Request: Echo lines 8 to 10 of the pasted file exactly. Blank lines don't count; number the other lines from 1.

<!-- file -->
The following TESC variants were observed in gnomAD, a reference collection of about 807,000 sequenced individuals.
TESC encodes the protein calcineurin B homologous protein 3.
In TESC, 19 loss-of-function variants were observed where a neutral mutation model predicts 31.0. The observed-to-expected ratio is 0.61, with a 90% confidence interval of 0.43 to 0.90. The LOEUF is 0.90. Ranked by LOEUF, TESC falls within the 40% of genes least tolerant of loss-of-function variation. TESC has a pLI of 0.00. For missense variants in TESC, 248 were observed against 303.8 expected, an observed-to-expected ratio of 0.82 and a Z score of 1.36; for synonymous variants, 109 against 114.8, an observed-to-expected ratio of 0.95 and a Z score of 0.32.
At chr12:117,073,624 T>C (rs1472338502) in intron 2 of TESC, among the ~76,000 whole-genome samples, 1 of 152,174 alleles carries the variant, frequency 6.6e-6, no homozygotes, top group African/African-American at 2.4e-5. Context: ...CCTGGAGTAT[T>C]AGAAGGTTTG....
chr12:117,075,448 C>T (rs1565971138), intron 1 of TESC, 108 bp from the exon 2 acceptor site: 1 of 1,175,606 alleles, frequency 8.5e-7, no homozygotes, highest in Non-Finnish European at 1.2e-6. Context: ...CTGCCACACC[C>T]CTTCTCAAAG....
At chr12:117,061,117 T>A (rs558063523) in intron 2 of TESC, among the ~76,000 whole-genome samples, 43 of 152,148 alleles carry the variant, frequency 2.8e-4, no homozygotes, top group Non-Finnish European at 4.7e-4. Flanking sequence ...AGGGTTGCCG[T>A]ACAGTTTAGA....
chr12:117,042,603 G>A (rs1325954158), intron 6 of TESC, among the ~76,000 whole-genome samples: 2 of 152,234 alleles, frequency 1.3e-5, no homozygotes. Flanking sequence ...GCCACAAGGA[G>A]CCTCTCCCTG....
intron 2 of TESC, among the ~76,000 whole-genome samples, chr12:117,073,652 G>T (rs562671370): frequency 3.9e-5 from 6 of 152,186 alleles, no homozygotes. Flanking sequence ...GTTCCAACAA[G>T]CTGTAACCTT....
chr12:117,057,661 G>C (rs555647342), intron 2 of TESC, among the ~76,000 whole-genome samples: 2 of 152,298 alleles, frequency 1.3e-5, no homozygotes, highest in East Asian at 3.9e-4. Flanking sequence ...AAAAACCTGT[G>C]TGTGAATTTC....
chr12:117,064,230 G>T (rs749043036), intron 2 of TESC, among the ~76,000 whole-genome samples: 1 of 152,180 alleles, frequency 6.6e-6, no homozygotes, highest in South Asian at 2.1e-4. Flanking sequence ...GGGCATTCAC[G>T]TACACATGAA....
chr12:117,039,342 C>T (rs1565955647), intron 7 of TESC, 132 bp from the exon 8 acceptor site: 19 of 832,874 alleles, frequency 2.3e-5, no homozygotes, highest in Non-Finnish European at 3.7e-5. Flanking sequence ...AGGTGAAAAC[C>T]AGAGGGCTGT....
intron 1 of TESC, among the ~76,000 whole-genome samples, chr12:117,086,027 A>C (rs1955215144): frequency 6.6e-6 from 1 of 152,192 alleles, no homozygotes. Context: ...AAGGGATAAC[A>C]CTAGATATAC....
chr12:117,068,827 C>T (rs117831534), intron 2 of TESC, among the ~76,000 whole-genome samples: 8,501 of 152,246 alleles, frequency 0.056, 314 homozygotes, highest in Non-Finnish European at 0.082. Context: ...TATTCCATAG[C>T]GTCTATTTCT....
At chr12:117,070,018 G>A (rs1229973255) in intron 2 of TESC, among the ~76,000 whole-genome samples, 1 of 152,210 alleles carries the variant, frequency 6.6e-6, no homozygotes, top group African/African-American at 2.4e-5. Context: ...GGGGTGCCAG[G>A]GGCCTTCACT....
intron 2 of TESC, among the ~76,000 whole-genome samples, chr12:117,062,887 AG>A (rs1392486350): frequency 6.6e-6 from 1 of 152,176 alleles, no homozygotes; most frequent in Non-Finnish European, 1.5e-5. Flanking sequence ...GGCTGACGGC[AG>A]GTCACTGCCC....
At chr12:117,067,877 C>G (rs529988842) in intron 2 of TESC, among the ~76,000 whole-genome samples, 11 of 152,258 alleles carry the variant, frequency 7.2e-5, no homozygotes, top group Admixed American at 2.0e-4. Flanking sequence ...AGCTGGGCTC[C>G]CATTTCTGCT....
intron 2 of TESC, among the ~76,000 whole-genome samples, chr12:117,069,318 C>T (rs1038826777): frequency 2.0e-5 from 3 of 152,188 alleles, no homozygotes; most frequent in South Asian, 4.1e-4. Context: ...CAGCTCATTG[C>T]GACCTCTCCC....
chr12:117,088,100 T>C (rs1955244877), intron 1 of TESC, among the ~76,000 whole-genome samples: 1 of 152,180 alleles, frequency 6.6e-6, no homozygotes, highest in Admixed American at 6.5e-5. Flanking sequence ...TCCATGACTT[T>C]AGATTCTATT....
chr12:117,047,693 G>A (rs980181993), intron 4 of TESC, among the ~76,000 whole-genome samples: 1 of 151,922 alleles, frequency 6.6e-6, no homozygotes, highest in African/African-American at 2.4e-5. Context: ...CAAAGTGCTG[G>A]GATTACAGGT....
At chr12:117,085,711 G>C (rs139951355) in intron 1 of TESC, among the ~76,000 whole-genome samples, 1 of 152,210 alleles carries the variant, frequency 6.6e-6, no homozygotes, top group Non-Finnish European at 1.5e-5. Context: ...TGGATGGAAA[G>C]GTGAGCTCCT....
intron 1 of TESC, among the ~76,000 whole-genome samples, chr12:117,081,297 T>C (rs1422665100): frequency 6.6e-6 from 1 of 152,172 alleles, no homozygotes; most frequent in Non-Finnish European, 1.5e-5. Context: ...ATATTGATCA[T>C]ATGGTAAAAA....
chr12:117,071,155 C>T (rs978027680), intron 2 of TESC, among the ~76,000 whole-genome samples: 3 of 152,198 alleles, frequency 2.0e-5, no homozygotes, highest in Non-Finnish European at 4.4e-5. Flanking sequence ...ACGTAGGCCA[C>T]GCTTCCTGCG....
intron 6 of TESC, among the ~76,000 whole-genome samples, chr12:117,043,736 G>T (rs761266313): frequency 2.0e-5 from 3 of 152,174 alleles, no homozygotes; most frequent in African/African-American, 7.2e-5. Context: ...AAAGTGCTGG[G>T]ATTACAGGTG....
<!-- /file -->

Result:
intron 2 of TESC, among the ~76,000 whole-genome samples, chr12:117,073,652 G>T (rs562671370): frequency 3.9e-5 from 6 of 152,186 alleles, no homozygotes. Flanking sequence ...GTTCCAACAA[G>T]CTGTAACCTT....
chr12:117,057,661 G>C (rs555647342), intron 2 of TESC, among the ~76,000 whole-genome samples: 2 of 152,298 alleles, frequency 1.3e-5, no homozygotes, highest in East Asian at 3.9e-4. Flanking sequence ...AAAAACCTGT[G>C]TGTGAATTTC....
chr12:117,064,230 G>T (rs749043036), intron 2 of TESC, among the ~76,000 whole-genome samples: 1 of 152,180 alleles, frequency 6.6e-6, no homozygotes, highest in South Asian at 2.1e-4. Flanking sequence ...GGGCATTCAC[G>T]TACACATGAA....